Winter arrives early in Toronto but the city says it is ready

By News staff

City of Toronto officials say they are ready for what ‘Old Man Winter’ has in store this season. And if the early start to winter is any indication, the city will take all the resources it has to help keep city streets clean and its residents safe.

Coun. James Pasternak made the announcement about the city’s winter preparedness efforts Wednesday morning at the salting plant on Wellington Street.

He said staff have reviewed last year’s snow removal and made recommendations to improve services this year. He said residents and the city have to work together to ensure everything goes smoothly.

“When the snow and winter come, it presents major challenges for many in the city,” Pasternak said.

“Snow clearing represents a vital city service that we constantly review so that residents — notably seniors — can go about their daily lives and routine with as little risk or impediments as possible.”

This year, the city is launching a new testing program of smaller, sidewalk clearing plows for areas of Toronto that it is currently not servicing. In a release, the government officials said “staff will also undertake the development of an inventory of sidewalk conditions and encroachments.”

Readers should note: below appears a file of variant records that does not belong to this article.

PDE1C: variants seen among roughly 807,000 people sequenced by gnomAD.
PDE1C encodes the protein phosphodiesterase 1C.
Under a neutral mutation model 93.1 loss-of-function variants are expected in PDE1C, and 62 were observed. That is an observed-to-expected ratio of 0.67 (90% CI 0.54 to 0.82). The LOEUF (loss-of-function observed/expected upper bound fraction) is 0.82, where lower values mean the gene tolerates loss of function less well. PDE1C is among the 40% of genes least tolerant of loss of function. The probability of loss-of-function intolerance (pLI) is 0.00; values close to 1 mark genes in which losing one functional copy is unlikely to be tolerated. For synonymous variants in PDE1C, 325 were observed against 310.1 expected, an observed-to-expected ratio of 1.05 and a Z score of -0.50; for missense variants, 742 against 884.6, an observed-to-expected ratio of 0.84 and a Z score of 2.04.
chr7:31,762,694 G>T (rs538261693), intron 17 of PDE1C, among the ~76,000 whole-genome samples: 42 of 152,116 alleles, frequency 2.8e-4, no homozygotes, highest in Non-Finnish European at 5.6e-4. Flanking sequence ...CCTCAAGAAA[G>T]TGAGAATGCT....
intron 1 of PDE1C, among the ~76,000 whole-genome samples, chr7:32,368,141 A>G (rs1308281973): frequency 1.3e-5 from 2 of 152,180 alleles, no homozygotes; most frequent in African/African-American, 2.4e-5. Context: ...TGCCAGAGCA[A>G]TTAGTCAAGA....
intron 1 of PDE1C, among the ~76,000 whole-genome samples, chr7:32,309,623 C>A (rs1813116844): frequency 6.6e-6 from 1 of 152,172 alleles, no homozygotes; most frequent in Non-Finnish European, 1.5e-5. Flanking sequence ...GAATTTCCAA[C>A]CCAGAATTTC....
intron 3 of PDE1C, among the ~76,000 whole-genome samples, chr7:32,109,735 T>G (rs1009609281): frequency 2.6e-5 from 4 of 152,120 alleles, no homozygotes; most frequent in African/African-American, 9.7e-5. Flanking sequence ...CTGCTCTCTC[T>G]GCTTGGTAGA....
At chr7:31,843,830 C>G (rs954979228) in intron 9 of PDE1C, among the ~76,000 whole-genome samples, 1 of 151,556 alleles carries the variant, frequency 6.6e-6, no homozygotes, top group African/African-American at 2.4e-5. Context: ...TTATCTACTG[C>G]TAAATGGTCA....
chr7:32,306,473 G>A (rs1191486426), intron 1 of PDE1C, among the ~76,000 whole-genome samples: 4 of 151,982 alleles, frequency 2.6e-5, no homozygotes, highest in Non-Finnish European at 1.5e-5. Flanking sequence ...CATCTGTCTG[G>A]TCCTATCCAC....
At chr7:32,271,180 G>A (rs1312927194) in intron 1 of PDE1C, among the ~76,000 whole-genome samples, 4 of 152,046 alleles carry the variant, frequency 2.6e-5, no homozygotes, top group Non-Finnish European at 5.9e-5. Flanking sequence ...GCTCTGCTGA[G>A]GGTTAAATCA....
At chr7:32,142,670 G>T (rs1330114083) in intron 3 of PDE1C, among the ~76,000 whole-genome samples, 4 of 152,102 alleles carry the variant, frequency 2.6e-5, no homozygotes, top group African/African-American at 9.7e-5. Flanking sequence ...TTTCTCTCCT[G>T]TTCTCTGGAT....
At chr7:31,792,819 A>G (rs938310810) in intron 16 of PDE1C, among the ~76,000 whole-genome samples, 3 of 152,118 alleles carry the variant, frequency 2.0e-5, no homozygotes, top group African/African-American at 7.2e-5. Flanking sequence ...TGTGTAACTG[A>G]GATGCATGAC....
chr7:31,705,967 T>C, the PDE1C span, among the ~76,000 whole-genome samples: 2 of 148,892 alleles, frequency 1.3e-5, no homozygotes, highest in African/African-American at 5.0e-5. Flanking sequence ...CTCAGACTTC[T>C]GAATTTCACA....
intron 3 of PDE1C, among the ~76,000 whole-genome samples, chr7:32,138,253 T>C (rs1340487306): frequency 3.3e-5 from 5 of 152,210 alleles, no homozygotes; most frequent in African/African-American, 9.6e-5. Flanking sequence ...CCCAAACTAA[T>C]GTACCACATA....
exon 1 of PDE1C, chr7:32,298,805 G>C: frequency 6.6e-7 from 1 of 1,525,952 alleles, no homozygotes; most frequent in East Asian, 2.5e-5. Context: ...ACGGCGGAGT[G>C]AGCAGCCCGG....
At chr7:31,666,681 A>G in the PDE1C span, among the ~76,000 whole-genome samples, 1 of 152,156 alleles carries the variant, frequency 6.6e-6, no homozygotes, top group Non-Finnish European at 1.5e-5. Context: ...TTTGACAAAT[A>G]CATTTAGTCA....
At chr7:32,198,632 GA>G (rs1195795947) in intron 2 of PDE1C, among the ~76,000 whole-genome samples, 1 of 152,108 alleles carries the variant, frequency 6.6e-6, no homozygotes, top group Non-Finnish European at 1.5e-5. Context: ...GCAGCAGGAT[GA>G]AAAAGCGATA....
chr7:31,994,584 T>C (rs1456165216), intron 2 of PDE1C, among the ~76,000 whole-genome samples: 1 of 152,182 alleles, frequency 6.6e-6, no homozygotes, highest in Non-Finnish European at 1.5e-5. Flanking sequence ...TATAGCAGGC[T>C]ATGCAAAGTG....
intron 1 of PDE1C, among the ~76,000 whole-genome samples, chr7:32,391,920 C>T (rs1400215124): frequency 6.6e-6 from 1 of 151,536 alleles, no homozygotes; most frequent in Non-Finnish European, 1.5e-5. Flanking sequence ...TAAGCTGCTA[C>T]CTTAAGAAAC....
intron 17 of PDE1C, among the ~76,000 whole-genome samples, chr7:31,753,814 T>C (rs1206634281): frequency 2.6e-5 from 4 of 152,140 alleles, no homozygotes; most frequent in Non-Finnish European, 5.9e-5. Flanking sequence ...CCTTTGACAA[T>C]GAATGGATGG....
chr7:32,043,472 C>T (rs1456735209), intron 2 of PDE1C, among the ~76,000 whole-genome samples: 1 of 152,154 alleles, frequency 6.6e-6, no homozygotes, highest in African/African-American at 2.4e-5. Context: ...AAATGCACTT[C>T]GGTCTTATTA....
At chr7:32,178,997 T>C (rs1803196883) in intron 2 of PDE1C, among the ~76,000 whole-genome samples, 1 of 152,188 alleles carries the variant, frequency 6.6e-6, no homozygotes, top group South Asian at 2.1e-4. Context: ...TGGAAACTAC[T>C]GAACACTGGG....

In addition, the city said monitoring underground water pipes and watermain breaks are also priorities. This is why the city has committed to spend almost $2 billion over the next 10 years to upgrade its watermain distribution system.

To assist the public, a new service has been launched called the No Water Map —  a live map where important water maintenance information can be obtained about watermain breaks, water service disruptions and repair timelines.

The city has a fleet of more than 1,100 snow clearing vehicles as well as more than 1,500 personnel (contracted and government staffed) on standby 24 hours a day and seven days a week ready to respond to snow at a moment’s notice.

Salt trucks are the first line of defence when snow begins to fall. Plows are sent out as snow accumulates to between 2.5 and five centimetres on expressways and major roads.

Toronto budgets about $90 million annually to help keep roads and sidewalks safe and passable during winter.

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